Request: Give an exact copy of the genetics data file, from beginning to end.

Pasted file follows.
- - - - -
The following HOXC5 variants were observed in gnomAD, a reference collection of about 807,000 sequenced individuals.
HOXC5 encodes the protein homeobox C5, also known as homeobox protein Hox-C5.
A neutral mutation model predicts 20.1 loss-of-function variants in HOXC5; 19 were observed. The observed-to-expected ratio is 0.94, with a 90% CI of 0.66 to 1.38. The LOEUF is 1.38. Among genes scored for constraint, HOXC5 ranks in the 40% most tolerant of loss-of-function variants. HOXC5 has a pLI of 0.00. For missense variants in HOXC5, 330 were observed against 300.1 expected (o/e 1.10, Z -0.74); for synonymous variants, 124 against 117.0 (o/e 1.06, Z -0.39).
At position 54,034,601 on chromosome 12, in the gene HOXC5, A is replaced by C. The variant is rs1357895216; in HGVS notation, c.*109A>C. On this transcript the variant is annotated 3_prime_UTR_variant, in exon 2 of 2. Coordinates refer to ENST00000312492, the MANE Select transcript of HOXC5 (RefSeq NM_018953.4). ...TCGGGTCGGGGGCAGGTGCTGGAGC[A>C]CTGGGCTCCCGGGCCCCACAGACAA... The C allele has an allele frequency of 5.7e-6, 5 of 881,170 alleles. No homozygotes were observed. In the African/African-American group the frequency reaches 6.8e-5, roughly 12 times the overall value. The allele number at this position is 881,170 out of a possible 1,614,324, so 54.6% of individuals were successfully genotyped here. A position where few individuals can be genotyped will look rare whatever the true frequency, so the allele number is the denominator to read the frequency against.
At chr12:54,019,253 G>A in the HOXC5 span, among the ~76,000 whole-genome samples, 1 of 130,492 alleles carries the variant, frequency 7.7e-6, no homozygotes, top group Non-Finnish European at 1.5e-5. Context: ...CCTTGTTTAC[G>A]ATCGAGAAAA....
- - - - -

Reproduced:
The following HOXC5 variants were observed in gnomAD, a reference collection of about 807,000 sequenced individuals.
HOXC5 encodes the protein homeobox C5, also known as homeobox protein Hox-C5.
A neutral mutation model predicts 20.1 loss-of-function variants in HOXC5; 19 were observed. The observed-to-expected ratio is 0.94, with a 90% CI of 0.66 to 1.38. The LOEUF is 1.38. Among genes scored for constraint, HOXC5 ranks in the 40% most tolerant of loss-of-function variants. HOXC5 has a pLI of 0.00. For missense variants in HOXC5, 330 were observed against 300.1 expected (o/e 1.10, Z -0.74); for synonymous variants, 124 against 117.0 (o/e 1.06, Z -0.39).
At position 54,034,601 on chromosome 12, in the gene HOXC5, A is replaced by C. The variant is rs1357895216; in HGVS notation, c.*109A>C. On this transcript the variant is annotated 3_prime_UTR_variant, in exon 2 of 2. Coordinates refer to ENST00000312492, the MANE Select transcript of HOXC5 (RefSeq NM_018953.4). ...TCGGGTCGGGGGCAGGTGCTGGAGC[A>C]CTGGGCTCCCGGGCCCCACAGACAA... The C allele has an allele frequency of 5.7e-6, 5 of 881,170 alleles. No homozygotes were observed. In the African/African-American group the frequency reaches 6.8e-5, roughly 12 times the overall value. The allele number at this position is 881,170 out of a possible 1,614,324, so 54.6% of individuals were successfully genotyped here. A position where few individuals can be genotyped will look rare whatever the true frequency, so the allele number is the denominator to read the frequency against.
At chr12:54,019,253 G>A in the HOXC5 span, among the ~76,000 whole-genome samples, 1 of 130,492 alleles carries the variant, frequency 7.7e-6, no homozygotes, top group Non-Finnish European at 1.5e-5. Context: ...CCTTGTTTAC[G>A]ATCGAGAAAA....